Five reasons to immerse yourself in horse racing this spring

The 2022 renewal of the Cheltenham Festival lived up to everyone’s extremely high expectations. With racegoers back in attendance for the first time in two years, there was a lot of anticipation in the build up to the four-day meeting, but there were absolutely zero disappointments as high-quality racing, plenty of drama and a fair share of sunshine in the latter half of the week kept the boisterous crowds entertained at Prestbury Park. 

With the dust settling on Cheltenham Racecourse’s hallowed grounds, we have almost reached the summit of the 2021-22 jump racing season. But why suffer with the Cheltenham blues when there is still so much horse racing action to get your teeth stuck into over the next couple of months? That said, read on as we give you five reasons to immerse yourself in the thrilling sport this spring! 

  • The Grand National Festival

The Cheltenham Festival has been and gone for another year, but that means the Grand National Festival is just around the corner! Much of the Aintree meeting is often overlooked due to the sheer magnitude of the National itself, with millions of once-a-year punters betting on horse racing for the ultimate test of horse and rider — which is due to take place on April 9th

However, there is much more to enjoy at the festival than just Grand National. In fact, there are nine Grade 1 races spread out across the course of the three-day event — including the Bowl, The Liverpool Hurdle, the Mildmay Novices’ Steeple Chase and the Aintree Hurdle. With racegoers back in attendance for the first time since 2019, the atmosphere promises to be on the same scale as Cheltenham.

  • The Jump Finale Day

Celebrate the conclusion of another fantastic British National Hunt racing campaign with the Jump Finale at Sandown Park on April 23rd. With a fantastic seven-race card, there is plenty to keep you entertained — including the Grade 1 Celebration Chase, which often features several of the British entries from the Queen Mother Champion Chase at Cheltenham earlier in the year, and the Sandown Gold Cup.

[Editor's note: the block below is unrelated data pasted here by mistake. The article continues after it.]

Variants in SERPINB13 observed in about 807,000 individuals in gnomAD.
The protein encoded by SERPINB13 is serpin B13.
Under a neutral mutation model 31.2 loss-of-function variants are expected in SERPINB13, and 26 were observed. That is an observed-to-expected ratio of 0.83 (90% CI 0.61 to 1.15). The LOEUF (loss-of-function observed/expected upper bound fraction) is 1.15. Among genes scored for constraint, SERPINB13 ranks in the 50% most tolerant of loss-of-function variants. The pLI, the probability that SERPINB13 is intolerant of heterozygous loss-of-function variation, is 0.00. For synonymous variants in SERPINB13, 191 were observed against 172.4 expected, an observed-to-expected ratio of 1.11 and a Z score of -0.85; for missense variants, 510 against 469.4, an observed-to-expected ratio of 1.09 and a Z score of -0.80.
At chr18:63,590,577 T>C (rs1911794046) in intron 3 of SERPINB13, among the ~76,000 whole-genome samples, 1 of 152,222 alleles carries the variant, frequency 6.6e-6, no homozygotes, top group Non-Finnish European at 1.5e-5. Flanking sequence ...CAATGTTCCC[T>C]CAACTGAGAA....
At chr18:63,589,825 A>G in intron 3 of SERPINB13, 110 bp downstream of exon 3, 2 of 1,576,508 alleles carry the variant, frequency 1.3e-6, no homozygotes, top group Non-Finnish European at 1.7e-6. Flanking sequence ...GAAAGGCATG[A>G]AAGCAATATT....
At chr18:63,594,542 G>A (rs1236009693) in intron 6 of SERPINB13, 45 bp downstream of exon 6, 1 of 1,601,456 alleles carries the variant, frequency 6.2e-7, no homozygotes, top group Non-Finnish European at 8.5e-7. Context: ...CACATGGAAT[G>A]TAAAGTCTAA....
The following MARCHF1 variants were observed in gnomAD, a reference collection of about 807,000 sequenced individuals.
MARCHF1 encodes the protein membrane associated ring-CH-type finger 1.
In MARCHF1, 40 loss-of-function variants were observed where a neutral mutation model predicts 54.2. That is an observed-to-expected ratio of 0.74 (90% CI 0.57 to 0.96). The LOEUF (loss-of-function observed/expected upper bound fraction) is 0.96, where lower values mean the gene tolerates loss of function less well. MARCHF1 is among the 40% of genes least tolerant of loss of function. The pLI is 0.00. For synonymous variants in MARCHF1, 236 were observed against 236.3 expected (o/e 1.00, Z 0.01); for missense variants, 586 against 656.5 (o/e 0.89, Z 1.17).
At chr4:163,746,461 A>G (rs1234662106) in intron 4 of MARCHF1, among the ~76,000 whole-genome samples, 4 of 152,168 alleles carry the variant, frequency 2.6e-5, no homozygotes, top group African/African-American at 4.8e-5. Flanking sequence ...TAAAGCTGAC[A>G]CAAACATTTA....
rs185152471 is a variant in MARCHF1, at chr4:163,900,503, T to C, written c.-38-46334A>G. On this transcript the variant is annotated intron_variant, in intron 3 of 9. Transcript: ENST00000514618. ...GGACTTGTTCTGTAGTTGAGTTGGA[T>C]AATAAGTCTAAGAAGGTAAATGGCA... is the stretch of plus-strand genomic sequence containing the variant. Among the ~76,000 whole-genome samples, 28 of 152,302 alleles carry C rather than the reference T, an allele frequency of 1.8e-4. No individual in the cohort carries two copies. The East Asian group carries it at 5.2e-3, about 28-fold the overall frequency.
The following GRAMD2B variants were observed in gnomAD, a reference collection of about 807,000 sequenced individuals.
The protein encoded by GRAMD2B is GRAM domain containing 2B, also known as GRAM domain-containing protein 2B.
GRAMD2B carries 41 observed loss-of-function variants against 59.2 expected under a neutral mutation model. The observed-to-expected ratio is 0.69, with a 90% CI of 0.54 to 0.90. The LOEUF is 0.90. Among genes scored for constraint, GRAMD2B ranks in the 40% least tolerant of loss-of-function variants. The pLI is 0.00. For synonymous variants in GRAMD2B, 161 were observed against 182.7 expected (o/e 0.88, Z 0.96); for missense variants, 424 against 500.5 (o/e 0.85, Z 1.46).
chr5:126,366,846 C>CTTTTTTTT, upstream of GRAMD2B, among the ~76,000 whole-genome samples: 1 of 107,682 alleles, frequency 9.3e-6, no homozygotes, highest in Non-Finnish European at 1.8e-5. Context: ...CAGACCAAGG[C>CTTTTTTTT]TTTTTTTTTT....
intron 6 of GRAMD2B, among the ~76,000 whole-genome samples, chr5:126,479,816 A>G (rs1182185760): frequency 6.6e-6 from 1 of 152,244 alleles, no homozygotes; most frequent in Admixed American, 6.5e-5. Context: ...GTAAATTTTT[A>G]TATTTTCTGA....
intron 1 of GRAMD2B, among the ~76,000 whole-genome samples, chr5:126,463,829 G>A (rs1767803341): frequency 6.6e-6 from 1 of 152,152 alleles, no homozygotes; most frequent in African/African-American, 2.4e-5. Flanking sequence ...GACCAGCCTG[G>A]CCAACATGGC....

As well as high-quality racing and a carnival-like atmosphere to sign off the season in style, there is also an award ceremony to give credit to the standout horses of this fantastic jump racing campaign. 

  • The Punchestown Festival

A Cheltenham Festival 2.0 in many ways, the Punchestown Festival marks the end of the Irish jump racing season. Featuring a huge 12 Grade 1 races, the cream of the crop of Irish racing head to County Kildare for the five-day meeting and stars of the recent Cheltenham Festival will be aplenty — including the likes of Gold Cup winner A Plus Tard and shock Mares’ Hurdle winning Marie’s Rock, who won the Grade 1 from 18/1 for Nicky Henderson and Nico de Boinville. 

There is already talk of some very juicy encounters at this year’s Punchestown Festival, with runaway Supreme Novices’ Hurdle winner Constitution Hill and the unbeaten Honeysuckle potentially going head-to-head, while Shishkin and Energumene could settle their rivalry, which now stands at one a piece for the season after the former was pulled up in a major shock at Cheltenham. 

  • The Guineas Festival

With the jump season over, the onus will quickly turn to the start of the major flat racing meetings and the prestigious Guineas Festival at Newmarket kicks things off, with an exciting three days of racing taking place on the iconic Rowley Mile between 29th April and May 1st. New for 2022, day one of the meeting boasts seven races, but the real action gets underway with the first Classics of the season on day two and three. 

The 2000 Guineas headlines Saturday’s racing, with the one-mile race acting as the opening leg of the Triple Crown, which will be rounded off later in the season with the Derby and the St. Leger. For three-year-old fillies, the 1000 Guineas will follow on the Sunday. Over the same distance of one mile, the race is the first leg in the Fillies’ Triple Crown, which is followed by the Oaks and St. Leger. 

  • Al Shaqab Lockinge Stakes Day

The final major flat meeting before spring becomes summer and attention quickly turns to the Derby Festival at Epsom Downs and Royal Ascot in June, the Al Shaqab Lockinge Stakes is the second British Champions Series Mile contest of the season. Run at Newbury, the race achieved Group 1 standing in 1995 and is open to horses ages four and over. 

With it being the Queen’s Jubilee year, the May 14th meeting will also be Ladies’ Day — which is rather fitting considering Her Majesty won her Group 1 outing as an owner in this race with Pall Mall back in 1958! 

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